'Navy needed frigates & submarine'
Parts of the testimony given at the Arms Deal Commission will be held in-camera.
JOHANNESBURG - Some evidence at the Arms Deal Commission of Inquiry could be held in camera as the third witness from the South African Navy takes the stand in Pretoria this morning.
The commission resumed on Monday after a two week postponement in order to sort out the classification of documents and the composition of the commission.
The inquiry, which was set up by President Jacob Zuma in 2011 and is led by Judge Willie Seriti, is investigating allegations of corruption.
Members of the navy are the first witnesses lined up to testify as part of the commission's first phase of public hearings.
Rear Admiral Philip Schoultz is now giving testimony on the use of frigates and submarines obtained during the multibillion rand arms deal.
Four frigates and three submarines were acquired in the deal.
Schoultz says what was obtained helped protect the in the country and was needed.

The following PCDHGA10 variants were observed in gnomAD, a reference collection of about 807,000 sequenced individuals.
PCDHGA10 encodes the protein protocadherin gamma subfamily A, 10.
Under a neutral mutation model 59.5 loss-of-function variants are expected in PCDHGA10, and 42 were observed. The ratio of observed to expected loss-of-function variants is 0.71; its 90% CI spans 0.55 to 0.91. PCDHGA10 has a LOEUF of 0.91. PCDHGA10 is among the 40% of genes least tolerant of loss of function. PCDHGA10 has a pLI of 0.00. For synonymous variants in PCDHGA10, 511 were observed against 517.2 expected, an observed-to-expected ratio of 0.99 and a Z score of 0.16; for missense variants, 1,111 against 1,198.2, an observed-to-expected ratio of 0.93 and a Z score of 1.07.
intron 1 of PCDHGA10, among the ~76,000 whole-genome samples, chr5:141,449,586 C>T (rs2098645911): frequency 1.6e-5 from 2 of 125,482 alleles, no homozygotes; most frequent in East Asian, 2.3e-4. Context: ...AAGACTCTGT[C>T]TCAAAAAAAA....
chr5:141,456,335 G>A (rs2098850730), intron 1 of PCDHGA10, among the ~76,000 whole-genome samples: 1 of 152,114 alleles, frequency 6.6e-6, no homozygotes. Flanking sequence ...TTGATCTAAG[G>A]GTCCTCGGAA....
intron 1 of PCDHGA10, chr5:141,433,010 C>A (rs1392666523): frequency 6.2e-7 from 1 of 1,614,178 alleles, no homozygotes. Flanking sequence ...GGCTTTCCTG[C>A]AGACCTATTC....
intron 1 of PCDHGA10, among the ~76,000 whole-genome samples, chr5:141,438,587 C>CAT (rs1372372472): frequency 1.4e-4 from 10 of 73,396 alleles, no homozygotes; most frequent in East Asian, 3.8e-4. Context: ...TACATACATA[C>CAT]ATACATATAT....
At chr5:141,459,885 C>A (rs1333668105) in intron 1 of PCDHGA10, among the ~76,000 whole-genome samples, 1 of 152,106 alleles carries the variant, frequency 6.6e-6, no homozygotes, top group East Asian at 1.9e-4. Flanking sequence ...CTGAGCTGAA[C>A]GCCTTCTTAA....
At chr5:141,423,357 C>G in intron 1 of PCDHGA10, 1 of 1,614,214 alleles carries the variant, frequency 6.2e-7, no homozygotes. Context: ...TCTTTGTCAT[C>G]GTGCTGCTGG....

He is giving evidence specifically on the use of equipment acquired through the deal.
He's told the commission how important it was for the navy to have this military might and that its absence may mean vulnerability.
"The frigates and the submarine were certainly the back bone of the South African Navy throughout my career. During the period that we did not have frigates their loss was keenly felt."
Some of the information Schoultz needs to share with the commission could be highly sensitive and may need to be held in-camera.
Evidence leaders say they will need to know specific details about the military's operational ability on the ground - information that doesn't need to be shared with the public.
The Trade and Industry Department is also expected to give evidence on the jobs that were created through the multi-billion rand arms deal.